Center stage there is a large door, painted a color known as Chinese Red. The ornate gold markings are Chinese characters. The King of the Yees takes us through this door and into a mulitverse of concepts about family, identity, history and politics. Lauren Yee has created a charming play; a tribute not just to her own father – the royalty of the title – but to her ancestors, all the ‘cousins’ and the significant struggles of being Chinese in San Francisco, in California, and in the theater. Her use of comedy, language and timing is so sweet, even the bitter facts of racism and oppression are presented in ways to bring laughter.
There is some knowledge I was glad to have before I sat down – knowing the political background on Leland Yee and ‘Shrimp Boy’ seemed to give me some advantage. There were people at intermission utterly innocent that these were real news events, and not purely theatrical inventions.
There is some knowledge I was sincerely embarrassed to lack. I lived in San Francisco and I never thought of Chinatown as anything but a tourist trap. But it began as a ghetto – the only part of the city where the Chinese could legally reside. That tall red door begins to look very different in the understanding that it’s not an attention grabbing showplace for hawking wares – it’s a shelter for those who are threatened. Chinatown is so present and vivd, it’s almost another character in the play.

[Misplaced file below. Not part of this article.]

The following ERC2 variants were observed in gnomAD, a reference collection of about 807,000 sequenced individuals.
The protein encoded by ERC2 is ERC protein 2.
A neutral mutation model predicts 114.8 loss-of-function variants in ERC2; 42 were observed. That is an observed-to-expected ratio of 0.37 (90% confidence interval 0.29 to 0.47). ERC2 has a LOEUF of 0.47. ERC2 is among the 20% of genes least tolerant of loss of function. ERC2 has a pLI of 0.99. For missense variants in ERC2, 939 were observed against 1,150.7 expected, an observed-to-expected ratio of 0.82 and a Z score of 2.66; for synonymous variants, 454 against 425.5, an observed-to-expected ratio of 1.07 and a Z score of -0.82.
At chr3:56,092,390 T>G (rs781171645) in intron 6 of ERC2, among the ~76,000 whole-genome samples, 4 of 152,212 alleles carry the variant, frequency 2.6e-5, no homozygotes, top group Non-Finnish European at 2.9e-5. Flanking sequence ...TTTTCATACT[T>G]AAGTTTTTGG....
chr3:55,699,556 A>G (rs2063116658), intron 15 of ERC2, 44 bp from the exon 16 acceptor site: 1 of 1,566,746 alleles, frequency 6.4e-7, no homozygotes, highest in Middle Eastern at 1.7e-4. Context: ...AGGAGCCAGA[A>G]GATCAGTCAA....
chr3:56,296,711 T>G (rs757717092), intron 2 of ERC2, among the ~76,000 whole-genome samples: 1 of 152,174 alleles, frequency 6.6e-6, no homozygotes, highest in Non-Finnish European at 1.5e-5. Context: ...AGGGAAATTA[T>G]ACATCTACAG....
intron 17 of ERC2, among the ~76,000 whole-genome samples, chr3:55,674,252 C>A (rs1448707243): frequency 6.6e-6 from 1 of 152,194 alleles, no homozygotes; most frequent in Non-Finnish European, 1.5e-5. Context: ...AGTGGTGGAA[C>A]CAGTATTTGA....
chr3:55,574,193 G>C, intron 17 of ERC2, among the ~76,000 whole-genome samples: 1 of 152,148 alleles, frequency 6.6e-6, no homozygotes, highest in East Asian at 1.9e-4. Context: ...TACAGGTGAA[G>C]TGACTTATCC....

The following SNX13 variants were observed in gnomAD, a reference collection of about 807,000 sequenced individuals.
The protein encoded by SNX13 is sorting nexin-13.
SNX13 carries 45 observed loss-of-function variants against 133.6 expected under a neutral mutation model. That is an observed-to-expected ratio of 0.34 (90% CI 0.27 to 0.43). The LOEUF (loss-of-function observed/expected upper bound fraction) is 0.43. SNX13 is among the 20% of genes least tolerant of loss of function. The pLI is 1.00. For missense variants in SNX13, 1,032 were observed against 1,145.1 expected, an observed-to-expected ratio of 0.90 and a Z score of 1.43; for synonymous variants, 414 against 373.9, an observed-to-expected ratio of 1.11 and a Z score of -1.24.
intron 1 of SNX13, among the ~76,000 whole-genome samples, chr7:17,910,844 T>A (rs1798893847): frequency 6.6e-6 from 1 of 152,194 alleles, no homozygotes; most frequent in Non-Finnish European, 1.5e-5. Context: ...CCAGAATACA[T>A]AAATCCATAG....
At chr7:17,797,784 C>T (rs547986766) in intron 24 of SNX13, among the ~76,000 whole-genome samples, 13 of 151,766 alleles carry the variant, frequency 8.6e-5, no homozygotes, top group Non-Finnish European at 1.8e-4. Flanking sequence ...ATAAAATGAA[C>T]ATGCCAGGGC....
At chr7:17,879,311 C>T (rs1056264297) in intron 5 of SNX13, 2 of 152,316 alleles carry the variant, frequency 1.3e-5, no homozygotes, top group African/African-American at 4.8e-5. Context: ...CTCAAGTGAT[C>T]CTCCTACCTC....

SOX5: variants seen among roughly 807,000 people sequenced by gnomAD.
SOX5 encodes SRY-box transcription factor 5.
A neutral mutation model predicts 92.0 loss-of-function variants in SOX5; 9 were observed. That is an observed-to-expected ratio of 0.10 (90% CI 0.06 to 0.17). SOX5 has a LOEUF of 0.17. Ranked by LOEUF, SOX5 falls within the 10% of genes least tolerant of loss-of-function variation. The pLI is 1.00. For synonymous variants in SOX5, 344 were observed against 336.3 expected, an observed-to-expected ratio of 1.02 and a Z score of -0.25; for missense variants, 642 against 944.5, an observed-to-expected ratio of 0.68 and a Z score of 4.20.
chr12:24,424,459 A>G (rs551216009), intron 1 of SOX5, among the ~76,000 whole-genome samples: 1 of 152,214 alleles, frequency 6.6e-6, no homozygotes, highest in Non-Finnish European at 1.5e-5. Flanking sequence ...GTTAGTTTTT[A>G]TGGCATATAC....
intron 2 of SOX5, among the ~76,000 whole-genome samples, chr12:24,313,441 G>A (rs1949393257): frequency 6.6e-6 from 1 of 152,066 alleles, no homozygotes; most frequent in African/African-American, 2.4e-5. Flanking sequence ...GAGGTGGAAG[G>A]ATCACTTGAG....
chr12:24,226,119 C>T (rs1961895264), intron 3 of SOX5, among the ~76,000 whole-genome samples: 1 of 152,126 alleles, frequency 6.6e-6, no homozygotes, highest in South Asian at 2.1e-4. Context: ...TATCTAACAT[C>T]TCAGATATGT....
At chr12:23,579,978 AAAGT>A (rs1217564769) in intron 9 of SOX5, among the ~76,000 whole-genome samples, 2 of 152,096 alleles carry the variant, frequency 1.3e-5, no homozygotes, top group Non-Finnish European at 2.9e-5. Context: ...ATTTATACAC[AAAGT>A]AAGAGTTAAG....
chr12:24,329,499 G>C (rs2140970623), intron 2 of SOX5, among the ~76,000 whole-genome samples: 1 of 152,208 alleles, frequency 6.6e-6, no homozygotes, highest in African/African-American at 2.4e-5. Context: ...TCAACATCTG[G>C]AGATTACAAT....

Taking on the stereotype of ‘Chinese’ from the inside, Yee offers both a critical eye and a loving understanding. How we see ourselves comes directly from how our family sees us, and what they want for us and from us can’t be denied without first being discussed. Those conversations take place in every family, but how this father and daughter discuss life is a reflection not just of ethnicity but humanity.
Yee uses every theatrical trick in book and makes them all fresh and funny; actors talking ‘backstage’ in some candid green room confessions, a wild parody of slow motion fight scenes (think of the most cliche of Kung Fu/martial arts style) a hero’s quest with a sunset deadline, and fortune cookies falling from the ceiling into the audience.
Calling this production rich is an understatement. Yet it begins with the most simple theater imaginable – two actors onstage. After a wild tour through almost every aspect of history, family and connection, it ends that same way, just two actors onstage. With a door – a door that might open or close according to knowledge we don’t even know that we possess.